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United Kingdom: Changes To The UK's Anti-Avoidance Legislation

21 November 2013   (0 Comments)
Posted by: Author: Stuart Gartery
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Author: Stuart Gartery (Mondaq)

In February 2011 the European Commission (EC) issued the UK Government with two notices (reasoned opinions) requiring them to review two areas of the UK's anti-avoidance tax legislation. The EC argued that:

  • Section 13, TCGA 1992 gains attributed to members of a closely controlled non-resident company; and
  • Chapter 2 of Part 13, ITA 2007 transfer of assets abroad

breached the treaty freedoms of establishment and movement of capital.

As a result, the Government were forced to make changes to the UK tax legislation. Finance Act 2013, which received Royal Assent on 17 July 2013, contained amendments which the Government believes ensures that these areas of legislation no longer breach the fundamental freedoms under EU law.

Attribution of Gains to Members of Non-Resident Companies

Section 13, TCGA 1992 operates by attributing chargeable gains realised by non-UK resident closely controlled companies to UK resident participators in proportion to their interests.

Measures contained within the Finance Act 2013 have modified the previous legislation by creating a new exemption which excludes gains deriving from genuine business activity within the EU.

Transfer of assets abroad

This legislation was designed to prevent individuals avoiding UK tax by using offshore structures to shelter income. In broad terms, the transfer of assets abroad rules impose a UK income tax charge on an individual who is resident in the UK where there has been a transfer of assets and, as a result of the transfer, income becomes payable to a person abroad, and a UK resident individual can still enjoy income, or receive or have entitlement to receive a capital sum or other benefits from the arrangement. The rules have typically targeted transfer of assets into non-resident companies and non-resident trusts.

Previously there were exemptions from these charges where the individual could satisfy HM Revenue & Customs that there was no UK tax avoidance motive for the transfer or that the transactions were genuine commercial transactions and any UK tax avoidance was merely incidental.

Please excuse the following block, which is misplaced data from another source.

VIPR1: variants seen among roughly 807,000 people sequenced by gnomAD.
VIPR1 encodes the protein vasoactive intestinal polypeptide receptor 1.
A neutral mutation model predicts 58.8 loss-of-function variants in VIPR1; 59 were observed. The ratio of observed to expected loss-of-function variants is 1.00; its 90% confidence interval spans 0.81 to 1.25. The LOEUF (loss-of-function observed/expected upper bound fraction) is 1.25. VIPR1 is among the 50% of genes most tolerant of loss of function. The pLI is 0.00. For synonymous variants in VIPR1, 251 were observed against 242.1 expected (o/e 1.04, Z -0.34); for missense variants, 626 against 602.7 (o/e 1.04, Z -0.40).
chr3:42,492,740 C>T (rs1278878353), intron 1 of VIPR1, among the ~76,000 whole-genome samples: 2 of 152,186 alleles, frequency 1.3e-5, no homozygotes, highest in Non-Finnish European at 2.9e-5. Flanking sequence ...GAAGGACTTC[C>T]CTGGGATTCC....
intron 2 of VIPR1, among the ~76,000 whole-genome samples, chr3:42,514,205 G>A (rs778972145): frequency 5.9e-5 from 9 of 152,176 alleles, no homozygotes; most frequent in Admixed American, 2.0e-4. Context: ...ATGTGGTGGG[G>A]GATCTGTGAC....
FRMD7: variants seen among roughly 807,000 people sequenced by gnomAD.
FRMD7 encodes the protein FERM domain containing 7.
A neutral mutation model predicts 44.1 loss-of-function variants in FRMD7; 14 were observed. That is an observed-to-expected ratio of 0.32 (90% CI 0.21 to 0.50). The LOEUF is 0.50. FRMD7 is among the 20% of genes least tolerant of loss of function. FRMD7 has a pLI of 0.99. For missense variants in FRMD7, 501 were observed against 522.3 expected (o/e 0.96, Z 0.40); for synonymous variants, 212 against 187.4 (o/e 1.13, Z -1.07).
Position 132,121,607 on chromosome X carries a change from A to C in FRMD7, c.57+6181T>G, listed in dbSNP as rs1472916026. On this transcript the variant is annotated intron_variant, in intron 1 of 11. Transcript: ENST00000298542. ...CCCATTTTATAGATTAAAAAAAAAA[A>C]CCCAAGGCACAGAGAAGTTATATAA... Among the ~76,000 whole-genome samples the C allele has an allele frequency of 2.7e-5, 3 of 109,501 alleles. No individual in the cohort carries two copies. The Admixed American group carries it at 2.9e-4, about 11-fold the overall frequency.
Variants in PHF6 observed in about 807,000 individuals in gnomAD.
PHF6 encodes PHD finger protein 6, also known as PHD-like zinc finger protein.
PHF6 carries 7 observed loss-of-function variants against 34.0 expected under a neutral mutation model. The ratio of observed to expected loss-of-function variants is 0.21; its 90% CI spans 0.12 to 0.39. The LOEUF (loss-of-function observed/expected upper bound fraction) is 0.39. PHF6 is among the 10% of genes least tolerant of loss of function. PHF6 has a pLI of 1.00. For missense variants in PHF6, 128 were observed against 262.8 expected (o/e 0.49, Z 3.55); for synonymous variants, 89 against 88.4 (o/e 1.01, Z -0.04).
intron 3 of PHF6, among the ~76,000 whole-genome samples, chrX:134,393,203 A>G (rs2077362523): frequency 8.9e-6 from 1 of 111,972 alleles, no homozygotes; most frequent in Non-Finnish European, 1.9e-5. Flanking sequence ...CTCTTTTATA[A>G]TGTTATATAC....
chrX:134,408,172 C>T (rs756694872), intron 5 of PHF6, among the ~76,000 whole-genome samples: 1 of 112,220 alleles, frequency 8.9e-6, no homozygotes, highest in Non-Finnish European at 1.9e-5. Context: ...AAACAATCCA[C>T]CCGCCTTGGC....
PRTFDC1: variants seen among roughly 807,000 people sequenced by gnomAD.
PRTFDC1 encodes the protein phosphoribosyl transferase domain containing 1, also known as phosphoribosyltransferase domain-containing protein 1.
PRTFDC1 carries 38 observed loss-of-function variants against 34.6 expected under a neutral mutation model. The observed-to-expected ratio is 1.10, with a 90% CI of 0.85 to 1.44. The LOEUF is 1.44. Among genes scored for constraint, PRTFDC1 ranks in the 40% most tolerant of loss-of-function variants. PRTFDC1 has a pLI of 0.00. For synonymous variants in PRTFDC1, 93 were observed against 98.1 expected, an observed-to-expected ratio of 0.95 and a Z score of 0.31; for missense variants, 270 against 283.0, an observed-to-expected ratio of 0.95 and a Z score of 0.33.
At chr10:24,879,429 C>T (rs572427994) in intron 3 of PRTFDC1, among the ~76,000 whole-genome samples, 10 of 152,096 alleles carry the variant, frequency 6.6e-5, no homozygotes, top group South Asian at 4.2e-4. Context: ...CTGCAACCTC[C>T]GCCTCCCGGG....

Finance Act 2013 has modified the existing legislation by creating a new exemption which operates where the EU treaty freedoms are engaged and which focuses on whether the nature of the transactions is genuine and whether they serve the purpose of the treaty freedoms.

A genuine transaction must be on arm's length terms (unless made for personal reasons). Any assets transferred and income arising therefrom must be used, or arise from, overseas activities consisting of the provision of goods or services to others on a commercial basis.

Potential Planning Opportunities

The above changes to the UK's anti-avoidance legislation now provide opportunities for UK resident individuals to establish vehicles undertaking genuine economic activity in other EU countries (for example, Ireland) in order to benefit from lower rates of Corporation Tax.

However, to ensure that income, profits or gains are not attributed to the UK resident individual, the following conditions should apply:

  • The economic activities should consist of the provision of goods or services to others on a commercial basis; and
  • The overseas company must have a suitable presence in the foreign country. Therefore, its activities should involve the use of locally based staff (including employees, agents or contractors), premises and equipment.
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Section 240A of the Tax Administration Act, 2011 (as amended) requires that all tax practitioners register with a recognized controlling body before 1 July 2013. It is a criminal offense to not register with both a recognized controlling body and SARS.


The Act requires that a minimum academic and practical requirments be set to register with a controlling body. Click here for the minimum requirements of SAIT.

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